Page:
Pool C: Rosmini College, St Patrick’s College, Wellington, Aquinas College, Auckland Grammar School.
Pool D: St Kentigern College, Mount Maunganui College, Mount Albert Grammar School, Hamilton BHS.
Sacred Heart College are the overwhelming favourites to win the title, having won the 2017 Nationals as well this year’s Auckland and North Island titles. Sacred Heart are undefeated in 2018.
St Bede’s College won the South Island title, but are the only South Island team in Wellington suggesting the quality of play in the South is a long way behind that of the North.
St Peter’s College and King’s College were middle of the road in a tough Auckland competition. King’s finished in the top five at Nationals in 2017.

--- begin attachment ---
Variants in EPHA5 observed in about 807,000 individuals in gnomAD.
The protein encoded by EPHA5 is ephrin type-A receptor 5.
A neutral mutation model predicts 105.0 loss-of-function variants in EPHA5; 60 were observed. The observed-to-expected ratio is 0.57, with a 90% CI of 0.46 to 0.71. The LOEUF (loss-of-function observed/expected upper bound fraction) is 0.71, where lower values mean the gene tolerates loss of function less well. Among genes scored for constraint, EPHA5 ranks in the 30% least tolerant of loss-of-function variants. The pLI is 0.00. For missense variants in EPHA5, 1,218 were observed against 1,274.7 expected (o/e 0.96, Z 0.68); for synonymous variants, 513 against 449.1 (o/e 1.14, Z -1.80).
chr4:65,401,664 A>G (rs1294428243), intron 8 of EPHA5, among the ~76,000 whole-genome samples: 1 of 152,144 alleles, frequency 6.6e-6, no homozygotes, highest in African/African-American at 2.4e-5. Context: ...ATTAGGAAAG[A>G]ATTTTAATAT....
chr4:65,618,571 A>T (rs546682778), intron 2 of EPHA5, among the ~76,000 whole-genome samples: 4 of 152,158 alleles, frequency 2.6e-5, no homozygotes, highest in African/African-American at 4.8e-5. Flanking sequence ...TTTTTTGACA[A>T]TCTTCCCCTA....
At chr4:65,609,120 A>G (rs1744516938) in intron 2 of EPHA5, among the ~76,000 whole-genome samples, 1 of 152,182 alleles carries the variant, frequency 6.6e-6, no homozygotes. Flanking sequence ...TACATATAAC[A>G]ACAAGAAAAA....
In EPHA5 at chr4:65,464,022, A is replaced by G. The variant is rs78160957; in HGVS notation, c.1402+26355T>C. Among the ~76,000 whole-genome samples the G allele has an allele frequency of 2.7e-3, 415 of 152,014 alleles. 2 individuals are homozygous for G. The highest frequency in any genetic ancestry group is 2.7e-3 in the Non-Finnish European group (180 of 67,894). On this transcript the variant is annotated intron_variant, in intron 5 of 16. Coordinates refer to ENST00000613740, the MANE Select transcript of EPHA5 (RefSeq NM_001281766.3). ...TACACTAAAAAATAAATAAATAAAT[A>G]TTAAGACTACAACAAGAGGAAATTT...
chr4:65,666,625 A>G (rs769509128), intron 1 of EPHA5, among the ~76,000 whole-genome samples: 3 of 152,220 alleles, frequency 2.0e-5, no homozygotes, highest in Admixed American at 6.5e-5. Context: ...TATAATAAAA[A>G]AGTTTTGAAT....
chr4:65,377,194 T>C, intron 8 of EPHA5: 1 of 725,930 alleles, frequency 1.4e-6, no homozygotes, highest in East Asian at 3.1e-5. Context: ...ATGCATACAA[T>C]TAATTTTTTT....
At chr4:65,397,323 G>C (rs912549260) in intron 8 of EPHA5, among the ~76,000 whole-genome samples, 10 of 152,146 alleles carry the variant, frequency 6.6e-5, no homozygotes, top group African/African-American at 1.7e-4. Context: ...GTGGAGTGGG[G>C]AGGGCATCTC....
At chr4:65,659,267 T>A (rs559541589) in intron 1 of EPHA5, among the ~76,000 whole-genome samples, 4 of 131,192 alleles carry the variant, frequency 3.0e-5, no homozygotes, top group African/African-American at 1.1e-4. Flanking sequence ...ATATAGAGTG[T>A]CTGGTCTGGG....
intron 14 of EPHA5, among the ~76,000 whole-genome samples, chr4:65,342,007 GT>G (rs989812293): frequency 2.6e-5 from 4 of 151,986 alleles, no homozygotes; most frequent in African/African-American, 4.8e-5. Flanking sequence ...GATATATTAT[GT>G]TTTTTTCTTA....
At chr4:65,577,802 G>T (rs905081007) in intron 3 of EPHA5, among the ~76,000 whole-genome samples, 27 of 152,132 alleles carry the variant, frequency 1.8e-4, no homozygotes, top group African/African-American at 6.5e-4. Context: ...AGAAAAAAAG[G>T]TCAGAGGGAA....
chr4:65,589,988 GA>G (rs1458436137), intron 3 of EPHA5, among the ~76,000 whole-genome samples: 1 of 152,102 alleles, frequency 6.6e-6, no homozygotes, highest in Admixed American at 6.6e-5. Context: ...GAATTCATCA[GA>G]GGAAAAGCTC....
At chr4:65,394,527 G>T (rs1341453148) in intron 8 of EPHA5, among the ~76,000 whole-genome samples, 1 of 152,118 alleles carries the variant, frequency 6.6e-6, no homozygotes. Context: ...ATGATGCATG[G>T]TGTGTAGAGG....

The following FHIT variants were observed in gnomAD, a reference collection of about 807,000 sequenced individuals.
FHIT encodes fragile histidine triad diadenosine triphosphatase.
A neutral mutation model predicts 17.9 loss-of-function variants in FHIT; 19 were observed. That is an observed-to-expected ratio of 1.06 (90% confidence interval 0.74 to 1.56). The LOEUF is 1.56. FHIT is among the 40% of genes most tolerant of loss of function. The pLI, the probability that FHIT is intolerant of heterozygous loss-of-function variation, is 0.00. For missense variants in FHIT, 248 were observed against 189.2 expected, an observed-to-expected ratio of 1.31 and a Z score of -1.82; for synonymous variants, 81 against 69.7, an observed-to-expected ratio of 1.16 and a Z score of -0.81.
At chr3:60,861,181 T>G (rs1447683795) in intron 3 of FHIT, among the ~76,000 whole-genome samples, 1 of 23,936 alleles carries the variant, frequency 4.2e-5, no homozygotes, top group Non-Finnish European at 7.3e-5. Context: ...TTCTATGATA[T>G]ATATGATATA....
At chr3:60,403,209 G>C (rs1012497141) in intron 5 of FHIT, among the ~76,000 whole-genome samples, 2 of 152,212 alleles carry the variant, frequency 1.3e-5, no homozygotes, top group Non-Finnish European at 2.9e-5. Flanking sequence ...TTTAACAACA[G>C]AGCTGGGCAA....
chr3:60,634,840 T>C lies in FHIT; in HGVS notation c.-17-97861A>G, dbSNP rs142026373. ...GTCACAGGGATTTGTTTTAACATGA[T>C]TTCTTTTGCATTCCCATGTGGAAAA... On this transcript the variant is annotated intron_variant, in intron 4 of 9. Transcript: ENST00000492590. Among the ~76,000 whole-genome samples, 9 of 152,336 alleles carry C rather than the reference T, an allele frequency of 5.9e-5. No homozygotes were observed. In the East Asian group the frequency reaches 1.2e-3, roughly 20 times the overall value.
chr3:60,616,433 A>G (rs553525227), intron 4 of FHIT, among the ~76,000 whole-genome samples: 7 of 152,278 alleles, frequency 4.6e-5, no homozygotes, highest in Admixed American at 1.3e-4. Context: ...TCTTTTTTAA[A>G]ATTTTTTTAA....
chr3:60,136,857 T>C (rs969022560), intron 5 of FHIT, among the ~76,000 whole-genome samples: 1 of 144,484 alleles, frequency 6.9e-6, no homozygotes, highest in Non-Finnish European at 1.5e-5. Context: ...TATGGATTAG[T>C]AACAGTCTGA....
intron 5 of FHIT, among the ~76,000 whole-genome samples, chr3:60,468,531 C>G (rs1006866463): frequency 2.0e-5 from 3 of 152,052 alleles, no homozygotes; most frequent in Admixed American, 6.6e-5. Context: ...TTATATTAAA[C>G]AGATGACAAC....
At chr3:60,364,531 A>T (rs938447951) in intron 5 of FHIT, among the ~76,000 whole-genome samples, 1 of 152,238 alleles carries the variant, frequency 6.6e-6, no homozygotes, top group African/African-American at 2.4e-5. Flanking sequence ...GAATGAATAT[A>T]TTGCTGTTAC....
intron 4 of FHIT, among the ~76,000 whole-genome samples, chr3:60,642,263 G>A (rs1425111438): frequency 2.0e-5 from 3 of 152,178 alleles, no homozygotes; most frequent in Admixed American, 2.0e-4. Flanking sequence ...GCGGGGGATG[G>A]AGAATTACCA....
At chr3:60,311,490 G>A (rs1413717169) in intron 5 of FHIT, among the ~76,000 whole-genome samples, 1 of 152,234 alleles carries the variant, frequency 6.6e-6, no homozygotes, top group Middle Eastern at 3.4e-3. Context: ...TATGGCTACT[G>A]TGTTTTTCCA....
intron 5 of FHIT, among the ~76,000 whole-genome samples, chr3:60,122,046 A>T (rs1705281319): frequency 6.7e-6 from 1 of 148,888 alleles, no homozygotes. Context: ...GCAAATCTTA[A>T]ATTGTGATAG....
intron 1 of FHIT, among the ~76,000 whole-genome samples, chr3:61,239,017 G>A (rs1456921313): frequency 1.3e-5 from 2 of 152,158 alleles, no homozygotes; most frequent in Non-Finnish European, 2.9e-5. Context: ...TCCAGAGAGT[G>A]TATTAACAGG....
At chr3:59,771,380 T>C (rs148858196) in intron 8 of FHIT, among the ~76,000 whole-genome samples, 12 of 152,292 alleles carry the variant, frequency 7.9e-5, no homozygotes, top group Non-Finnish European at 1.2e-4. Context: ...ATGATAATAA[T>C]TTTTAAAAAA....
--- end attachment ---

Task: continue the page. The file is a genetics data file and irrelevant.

Rangitoto College won the National title in 2012 and 2016 and were semi-finalists in Auckland. They should top Pool B - though their rivalry with Westlake is always keen.
Pool C appears to be the ‘group of death’ featuring 2015 National Champions, Auckland Grammar School and Aquinas College who have finished runners-up twice in the last four years.
Saint Kentigern College have gone mighty close to winning the Nationals in recent seasons and pushed Sacred Heart in the Auckland final recently. They will be favourites to top Pool D, but MAGS have been a top four Nationals team in the past three years.
Hamilton are vastly improved and stretched Sacred Heart in the quarter finals of the North Island championships while Mount Maunganui are a particularly strong defensive team.
Boys to Watch
Bae Fountain (Mount Maunganui College) - The goalie recently represented the New Zealand senior men’s team. Quick to dive and block in both directions, Fountain has won many matches for the Mount this season with his shot-stopping prowess.